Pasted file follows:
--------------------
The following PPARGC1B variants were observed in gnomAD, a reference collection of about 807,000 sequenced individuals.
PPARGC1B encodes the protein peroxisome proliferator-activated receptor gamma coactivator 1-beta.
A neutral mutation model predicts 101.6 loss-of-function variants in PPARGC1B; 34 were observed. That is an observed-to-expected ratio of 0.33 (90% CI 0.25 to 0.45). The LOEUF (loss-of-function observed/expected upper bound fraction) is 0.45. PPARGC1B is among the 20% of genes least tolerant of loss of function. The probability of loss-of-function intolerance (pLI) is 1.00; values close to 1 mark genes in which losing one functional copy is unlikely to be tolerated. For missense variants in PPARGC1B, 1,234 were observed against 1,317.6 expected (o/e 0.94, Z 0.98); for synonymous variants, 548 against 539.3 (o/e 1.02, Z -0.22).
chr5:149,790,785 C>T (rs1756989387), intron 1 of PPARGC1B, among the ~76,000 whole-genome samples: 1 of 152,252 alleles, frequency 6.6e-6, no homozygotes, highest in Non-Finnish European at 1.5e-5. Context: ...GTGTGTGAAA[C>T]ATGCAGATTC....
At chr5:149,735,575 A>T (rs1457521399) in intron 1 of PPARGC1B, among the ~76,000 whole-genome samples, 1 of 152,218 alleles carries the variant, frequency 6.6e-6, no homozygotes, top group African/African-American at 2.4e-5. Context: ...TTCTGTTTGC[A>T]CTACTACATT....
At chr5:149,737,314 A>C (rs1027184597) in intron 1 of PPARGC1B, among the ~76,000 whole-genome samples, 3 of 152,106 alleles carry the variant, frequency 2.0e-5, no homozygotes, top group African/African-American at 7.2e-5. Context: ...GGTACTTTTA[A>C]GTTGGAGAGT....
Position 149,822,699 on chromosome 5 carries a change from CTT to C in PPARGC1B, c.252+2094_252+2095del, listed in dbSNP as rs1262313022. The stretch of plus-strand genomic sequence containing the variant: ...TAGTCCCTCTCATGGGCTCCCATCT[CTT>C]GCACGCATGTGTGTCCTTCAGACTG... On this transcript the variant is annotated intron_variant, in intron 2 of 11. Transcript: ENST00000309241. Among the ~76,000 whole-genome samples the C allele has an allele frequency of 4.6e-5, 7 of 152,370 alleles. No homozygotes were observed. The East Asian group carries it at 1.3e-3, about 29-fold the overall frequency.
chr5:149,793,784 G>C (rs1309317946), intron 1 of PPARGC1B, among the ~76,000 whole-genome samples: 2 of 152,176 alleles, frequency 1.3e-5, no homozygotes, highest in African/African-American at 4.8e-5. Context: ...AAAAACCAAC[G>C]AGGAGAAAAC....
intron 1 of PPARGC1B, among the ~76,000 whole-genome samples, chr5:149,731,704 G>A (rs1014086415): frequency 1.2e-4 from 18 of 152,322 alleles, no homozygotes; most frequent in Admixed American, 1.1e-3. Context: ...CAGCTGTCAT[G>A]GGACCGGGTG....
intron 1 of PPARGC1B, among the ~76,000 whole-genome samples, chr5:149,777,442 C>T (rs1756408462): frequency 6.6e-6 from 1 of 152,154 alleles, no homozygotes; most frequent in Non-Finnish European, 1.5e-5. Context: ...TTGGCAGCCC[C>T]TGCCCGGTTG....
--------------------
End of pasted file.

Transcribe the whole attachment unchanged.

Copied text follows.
The following PPARGC1B variants were observed in gnomAD, a reference collection of about 807,000 sequenced individuals.
PPARGC1B encodes the protein peroxisome proliferator-activated receptor gamma coactivator 1-beta.
A neutral mutation model predicts 101.6 loss-of-function variants in PPARGC1B; 34 were observed. That is an observed-to-expected ratio of 0.33 (90% CI 0.25 to 0.45). The LOEUF (loss-of-function observed/expected upper bound fraction) is 0.45. PPARGC1B is among the 20% of genes least tolerant of loss of function. The probability of loss-of-function intolerance (pLI) is 1.00; values close to 1 mark genes in which losing one functional copy is unlikely to be tolerated. For missense variants in PPARGC1B, 1,234 were observed against 1,317.6 expected (o/e 0.94, Z 0.98); for synonymous variants, 548 against 539.3 (o/e 1.02, Z -0.22).
chr5:149,790,785 C>T (rs1756989387), intron 1 of PPARGC1B, among the ~76,000 whole-genome samples: 1 of 152,252 alleles, frequency 6.6e-6, no homozygotes, highest in Non-Finnish European at 1.5e-5. Context: ...GTGTGTGAAA[C>T]ATGCAGATTC....
At chr5:149,735,575 A>T (rs1457521399) in intron 1 of PPARGC1B, among the ~76,000 whole-genome samples, 1 of 152,218 alleles carries the variant, frequency 6.6e-6, no homozygotes, top group African/African-American at 2.4e-5. Context: ...TTCTGTTTGC[A>T]CTACTACATT....
At chr5:149,737,314 A>C (rs1027184597) in intron 1 of PPARGC1B, among the ~76,000 whole-genome samples, 3 of 152,106 alleles carry the variant, frequency 2.0e-5, no homozygotes, top group African/African-American at 7.2e-5. Context: ...GGTACTTTTA[A>C]GTTGGAGAGT....
Position 149,822,699 on chromosome 5 carries a change from CTT to C in PPARGC1B, c.252+2094_252+2095del, listed in dbSNP as rs1262313022. The stretch of plus-strand genomic sequence containing the variant: ...TAGTCCCTCTCATGGGCTCCCATCT[CTT>C]GCACGCATGTGTGTCCTTCAGACTG... On this transcript the variant is annotated intron_variant, in intron 2 of 11. Transcript: ENST00000309241. Among the ~76,000 whole-genome samples the C allele has an allele frequency of 4.6e-5, 7 of 152,370 alleles. No homozygotes were observed. The East Asian group carries it at 1.3e-3, about 29-fold the overall frequency.
chr5:149,793,784 G>C (rs1309317946), intron 1 of PPARGC1B, among the ~76,000 whole-genome samples: 2 of 152,176 alleles, frequency 1.3e-5, no homozygotes, highest in African/African-American at 4.8e-5. Context: ...AAAAACCAAC[G>C]AGGAGAAAAC....
intron 1 of PPARGC1B, among the ~76,000 whole-genome samples, chr5:149,731,704 G>A (rs1014086415): frequency 1.2e-4 from 18 of 152,322 alleles, no homozygotes; most frequent in Admixed American, 1.1e-3. Context: ...CAGCTGTCAT[G>A]GGACCGGGTG....
intron 1 of PPARGC1B, among the ~76,000 whole-genome samples, chr5:149,777,442 C>T (rs1756408462): frequency 6.6e-6 from 1 of 152,154 alleles, no homozygotes; most frequent in Non-Finnish European, 1.5e-5. Context: ...TTGGCAGCCC[C>T]TGCCCGGTTG....